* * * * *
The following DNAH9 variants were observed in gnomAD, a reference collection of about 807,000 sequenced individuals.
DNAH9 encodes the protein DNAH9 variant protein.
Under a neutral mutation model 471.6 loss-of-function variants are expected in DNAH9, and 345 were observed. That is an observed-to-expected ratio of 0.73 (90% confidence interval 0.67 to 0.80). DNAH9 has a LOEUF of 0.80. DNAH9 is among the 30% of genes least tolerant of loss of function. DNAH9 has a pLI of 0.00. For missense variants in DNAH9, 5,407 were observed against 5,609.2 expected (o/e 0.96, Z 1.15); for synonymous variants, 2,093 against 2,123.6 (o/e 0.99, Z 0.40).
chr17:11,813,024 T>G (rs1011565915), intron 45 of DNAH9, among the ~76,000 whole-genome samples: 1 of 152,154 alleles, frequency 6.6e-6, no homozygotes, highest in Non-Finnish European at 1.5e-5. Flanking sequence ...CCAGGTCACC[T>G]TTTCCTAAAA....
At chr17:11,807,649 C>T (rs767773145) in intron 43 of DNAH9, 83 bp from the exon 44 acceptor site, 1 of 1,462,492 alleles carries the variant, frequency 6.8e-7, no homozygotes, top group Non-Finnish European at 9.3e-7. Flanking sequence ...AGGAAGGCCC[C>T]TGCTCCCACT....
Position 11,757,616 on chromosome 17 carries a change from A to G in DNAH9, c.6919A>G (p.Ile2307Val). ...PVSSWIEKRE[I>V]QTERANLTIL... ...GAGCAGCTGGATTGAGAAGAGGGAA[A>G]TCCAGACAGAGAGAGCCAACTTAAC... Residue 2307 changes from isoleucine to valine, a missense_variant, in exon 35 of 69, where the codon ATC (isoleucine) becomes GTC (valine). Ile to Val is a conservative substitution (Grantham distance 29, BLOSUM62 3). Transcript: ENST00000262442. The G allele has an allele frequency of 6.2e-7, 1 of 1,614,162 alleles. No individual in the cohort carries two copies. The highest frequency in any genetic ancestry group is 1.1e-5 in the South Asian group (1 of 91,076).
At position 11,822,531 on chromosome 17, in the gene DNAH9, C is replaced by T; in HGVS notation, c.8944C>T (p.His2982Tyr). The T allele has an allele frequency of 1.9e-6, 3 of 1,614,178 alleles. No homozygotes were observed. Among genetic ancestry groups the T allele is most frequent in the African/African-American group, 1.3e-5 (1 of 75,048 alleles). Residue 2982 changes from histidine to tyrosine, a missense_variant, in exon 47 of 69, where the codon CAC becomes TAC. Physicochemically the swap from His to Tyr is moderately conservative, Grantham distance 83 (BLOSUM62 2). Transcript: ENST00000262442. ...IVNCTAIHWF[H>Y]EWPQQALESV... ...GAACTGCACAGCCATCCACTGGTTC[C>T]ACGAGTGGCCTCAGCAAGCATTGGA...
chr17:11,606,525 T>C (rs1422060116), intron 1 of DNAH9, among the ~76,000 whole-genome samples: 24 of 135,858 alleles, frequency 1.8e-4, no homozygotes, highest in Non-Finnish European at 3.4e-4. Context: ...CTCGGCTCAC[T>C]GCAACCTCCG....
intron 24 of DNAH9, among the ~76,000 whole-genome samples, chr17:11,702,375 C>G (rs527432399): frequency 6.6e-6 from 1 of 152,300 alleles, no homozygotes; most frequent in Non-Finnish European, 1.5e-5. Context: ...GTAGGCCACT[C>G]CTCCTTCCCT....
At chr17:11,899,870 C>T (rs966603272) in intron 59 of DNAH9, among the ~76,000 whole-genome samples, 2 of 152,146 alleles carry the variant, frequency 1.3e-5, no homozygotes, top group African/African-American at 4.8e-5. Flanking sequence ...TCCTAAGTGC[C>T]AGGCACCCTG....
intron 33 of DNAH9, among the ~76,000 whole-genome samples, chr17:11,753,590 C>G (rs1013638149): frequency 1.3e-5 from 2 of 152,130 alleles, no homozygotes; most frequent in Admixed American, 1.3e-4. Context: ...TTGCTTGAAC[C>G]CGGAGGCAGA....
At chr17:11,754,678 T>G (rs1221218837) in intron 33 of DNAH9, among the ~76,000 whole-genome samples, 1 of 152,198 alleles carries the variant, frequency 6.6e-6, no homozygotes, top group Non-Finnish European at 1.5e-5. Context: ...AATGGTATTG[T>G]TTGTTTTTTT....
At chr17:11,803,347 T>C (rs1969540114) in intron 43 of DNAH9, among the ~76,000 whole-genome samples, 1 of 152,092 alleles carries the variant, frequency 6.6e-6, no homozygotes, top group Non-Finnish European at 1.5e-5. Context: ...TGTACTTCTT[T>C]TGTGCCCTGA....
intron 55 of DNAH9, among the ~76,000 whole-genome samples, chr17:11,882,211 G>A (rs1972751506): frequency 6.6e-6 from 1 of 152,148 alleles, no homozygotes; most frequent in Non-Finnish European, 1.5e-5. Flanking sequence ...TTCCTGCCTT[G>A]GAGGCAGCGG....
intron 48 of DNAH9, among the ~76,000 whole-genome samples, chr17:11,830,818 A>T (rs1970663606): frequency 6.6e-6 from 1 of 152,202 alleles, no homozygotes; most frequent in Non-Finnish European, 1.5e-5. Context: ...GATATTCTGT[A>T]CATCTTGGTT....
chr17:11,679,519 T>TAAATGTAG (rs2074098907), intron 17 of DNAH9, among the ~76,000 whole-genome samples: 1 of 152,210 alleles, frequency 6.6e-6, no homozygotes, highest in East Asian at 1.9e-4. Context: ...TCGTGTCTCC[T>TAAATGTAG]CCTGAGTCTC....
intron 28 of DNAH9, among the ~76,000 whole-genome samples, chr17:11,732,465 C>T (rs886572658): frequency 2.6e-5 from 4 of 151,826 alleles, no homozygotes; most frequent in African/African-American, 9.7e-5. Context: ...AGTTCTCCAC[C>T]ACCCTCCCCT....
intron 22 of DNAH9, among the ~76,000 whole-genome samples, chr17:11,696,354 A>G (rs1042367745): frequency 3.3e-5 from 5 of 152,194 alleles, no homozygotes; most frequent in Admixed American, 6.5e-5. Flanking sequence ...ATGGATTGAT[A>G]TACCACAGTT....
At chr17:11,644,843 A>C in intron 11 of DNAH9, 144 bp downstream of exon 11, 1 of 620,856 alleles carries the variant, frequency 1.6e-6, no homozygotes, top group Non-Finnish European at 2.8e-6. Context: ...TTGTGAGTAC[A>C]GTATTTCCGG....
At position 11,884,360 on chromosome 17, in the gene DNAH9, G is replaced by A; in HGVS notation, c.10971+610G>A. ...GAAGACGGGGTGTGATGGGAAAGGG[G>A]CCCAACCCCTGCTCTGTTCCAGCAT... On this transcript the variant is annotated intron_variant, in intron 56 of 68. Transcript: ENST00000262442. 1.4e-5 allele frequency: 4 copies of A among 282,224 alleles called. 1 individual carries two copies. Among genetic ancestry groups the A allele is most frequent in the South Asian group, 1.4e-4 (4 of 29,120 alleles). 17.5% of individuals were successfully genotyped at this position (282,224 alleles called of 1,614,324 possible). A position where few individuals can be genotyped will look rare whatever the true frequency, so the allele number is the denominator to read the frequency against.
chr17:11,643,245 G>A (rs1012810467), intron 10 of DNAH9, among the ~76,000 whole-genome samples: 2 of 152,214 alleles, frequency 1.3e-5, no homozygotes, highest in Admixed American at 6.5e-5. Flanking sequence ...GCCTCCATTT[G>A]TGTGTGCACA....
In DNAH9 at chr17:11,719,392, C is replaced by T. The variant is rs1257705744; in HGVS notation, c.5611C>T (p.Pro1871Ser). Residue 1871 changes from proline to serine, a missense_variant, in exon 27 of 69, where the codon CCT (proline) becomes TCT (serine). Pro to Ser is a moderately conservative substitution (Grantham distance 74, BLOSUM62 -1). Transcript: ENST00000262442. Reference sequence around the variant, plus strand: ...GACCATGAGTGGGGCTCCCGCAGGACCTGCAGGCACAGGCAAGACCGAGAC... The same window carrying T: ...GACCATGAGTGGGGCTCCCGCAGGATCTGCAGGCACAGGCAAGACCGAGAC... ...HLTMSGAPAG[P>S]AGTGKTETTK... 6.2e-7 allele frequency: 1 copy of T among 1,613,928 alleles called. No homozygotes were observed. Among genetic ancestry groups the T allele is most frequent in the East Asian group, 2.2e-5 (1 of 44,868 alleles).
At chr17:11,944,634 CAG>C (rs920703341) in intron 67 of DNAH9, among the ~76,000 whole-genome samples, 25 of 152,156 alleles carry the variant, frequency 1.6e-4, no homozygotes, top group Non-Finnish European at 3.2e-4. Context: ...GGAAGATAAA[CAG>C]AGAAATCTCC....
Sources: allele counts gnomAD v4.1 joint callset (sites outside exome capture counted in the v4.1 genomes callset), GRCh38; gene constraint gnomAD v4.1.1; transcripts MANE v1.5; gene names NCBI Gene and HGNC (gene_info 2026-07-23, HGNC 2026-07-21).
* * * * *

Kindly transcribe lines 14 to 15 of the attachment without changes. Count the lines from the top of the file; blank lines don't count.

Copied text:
intron 55 of DNAH9, among the ~76,000 whole-genome samples, chr17:11,882,211 G>A (rs1972751506): frequency 6.6e-6 from 1 of 152,148 alleles, no homozygotes; most frequent in Non-Finnish European, 1.5e-5. Flanking sequence ...TTCCTGCCTT[G>A]GAGGCAGCGG....
intron 48 of DNAH9, among the ~76,000 whole-genome samples, chr17:11,830,818 A>T (rs1970663606): frequency 6.6e-6 from 1 of 152,202 alleles, no homozygotes; most frequent in Non-Finnish European, 1.5e-5. Context: ...GATATTCTGT[A>T]CATCTTGGTT....